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The journey from business executive to sculptor was similar to the transition she made in 1980 after 17 years of staying home with the kids. Back then, aptitude tests revealed that she would make a perfect engineer, and she plunged back into school for a degree in computer science at age 40. With degree in hand, she began a high-tech career that included stops at Digital, Apple and IBM. This time, however, she didn't need someone to tell her what she was interested in. While at IBM, Dibner started taking sculpture classes, riding the T to Boston's Museum School after work. Once she decided to accept an early-retirement package and devote herself to professional sculpture, she threw herself in headfirst. That meant, initially, a very rigorous study of the basics, including form and technique. Then she retreated to her studio and logged the long, lonely hours that separate the people who only talk about becoming artists from those who succeed at finding their own voice.
Those hours weren't as lonely as they might have been for some. Dibner's husband Andrew also left a technology career (he founded Lifeline, the personal response service advertised with the unforgettable tag line "I've fallen and I can't get up") to work on his sculpture as well. Still, the change from having profit-and-loss responsibility for $300 million in revenue and 350 employees to waking up each morning and staring at clay in the basement took some getting used to. "You work so hard to get yourself where you are, and a part of your identity is the title," Dibner says candidly. "Sometimes I'll be somewhere now, and somebody will say, 'What do you do?' and I'll say, 'I'm a sculptor,' and they'll say, 'Oh, that's nice,' like they think it's a hobby, not something meaningful and serious."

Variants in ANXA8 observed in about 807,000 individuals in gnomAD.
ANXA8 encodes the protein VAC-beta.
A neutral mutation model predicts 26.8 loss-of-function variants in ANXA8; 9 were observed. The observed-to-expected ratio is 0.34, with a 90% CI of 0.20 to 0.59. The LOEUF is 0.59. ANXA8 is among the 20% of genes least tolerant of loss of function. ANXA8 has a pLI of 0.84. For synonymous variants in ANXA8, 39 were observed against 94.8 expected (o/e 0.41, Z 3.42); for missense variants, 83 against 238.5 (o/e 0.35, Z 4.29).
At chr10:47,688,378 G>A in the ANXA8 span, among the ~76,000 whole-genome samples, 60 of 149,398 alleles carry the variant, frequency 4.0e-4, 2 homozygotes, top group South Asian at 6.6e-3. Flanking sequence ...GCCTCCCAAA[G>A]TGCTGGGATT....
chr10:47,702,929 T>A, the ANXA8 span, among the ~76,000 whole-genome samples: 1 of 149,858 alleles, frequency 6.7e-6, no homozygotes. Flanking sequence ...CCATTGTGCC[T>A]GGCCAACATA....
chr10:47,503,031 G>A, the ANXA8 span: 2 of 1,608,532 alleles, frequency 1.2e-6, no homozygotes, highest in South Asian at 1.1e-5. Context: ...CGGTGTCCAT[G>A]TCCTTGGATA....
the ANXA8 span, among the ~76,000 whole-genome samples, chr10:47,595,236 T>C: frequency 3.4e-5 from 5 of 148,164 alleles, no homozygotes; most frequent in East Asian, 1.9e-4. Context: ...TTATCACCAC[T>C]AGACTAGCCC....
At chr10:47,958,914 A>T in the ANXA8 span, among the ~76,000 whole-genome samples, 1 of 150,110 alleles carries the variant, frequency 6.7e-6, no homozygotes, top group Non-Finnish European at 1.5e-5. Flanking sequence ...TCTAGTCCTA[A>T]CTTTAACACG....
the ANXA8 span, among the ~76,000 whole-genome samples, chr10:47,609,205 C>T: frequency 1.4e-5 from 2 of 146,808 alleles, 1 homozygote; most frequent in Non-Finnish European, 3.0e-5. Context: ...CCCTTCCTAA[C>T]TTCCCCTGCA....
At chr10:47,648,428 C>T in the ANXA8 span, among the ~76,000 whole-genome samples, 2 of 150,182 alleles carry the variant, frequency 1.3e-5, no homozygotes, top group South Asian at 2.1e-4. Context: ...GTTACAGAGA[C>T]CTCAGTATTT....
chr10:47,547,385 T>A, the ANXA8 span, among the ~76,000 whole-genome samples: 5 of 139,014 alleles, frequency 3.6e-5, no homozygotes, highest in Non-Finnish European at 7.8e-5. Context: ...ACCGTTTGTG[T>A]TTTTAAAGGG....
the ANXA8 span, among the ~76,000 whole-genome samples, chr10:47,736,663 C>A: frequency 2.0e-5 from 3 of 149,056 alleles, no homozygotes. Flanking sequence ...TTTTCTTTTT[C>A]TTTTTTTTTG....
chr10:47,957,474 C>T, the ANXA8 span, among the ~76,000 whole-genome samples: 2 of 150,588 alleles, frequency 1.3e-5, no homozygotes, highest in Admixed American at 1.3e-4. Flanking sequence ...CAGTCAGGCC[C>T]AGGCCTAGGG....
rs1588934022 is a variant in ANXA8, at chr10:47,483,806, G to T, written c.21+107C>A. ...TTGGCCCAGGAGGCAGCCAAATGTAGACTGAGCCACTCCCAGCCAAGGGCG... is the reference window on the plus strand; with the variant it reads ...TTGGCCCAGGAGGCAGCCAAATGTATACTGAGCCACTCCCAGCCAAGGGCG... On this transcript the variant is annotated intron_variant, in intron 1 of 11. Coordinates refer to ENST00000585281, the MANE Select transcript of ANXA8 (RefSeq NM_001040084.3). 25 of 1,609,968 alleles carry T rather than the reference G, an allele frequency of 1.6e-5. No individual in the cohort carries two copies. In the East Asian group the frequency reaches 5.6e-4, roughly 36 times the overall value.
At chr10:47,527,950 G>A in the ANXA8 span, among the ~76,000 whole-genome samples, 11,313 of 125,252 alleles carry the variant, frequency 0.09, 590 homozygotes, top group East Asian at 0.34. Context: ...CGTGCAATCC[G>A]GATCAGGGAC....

But that's a small price to pay for leading the creative life. "So many people say, 'Gee, I'm so envious. I wish I had something like that,'" says Dibner. "But I believe that everybody does have some creative response to life. You just have to figure out what it is."
Uplifting the Downtrodden
Pam Barratt, 66
When Pam Barratt was still working full time as a chemistry teacher and raising her two children, life as a social activist was complicated. Sidwell Friends, the Washington-area private school where she taught, was surprisingly accommodating after she was arrested in 1988 while protesting U.S. involvement in El Salvador. Her son and daughter tolerated the seven families of refugees from Cambodia, Vietnam and Czechoslovakia who moved in and out of their home over a 13-year period. But Barratt was torn: teaching chemistry to wealthy kids forced her to temper her passion for social activism. "I was always interested in social-justice and poverty issues," explains Barratt. "But I was working so hard." Then in 1993, with her children grown, Barratt remarried, retired from teaching and moved to England. "All of a sudden," she says, "I was able to do all these things that I've always wanted to do."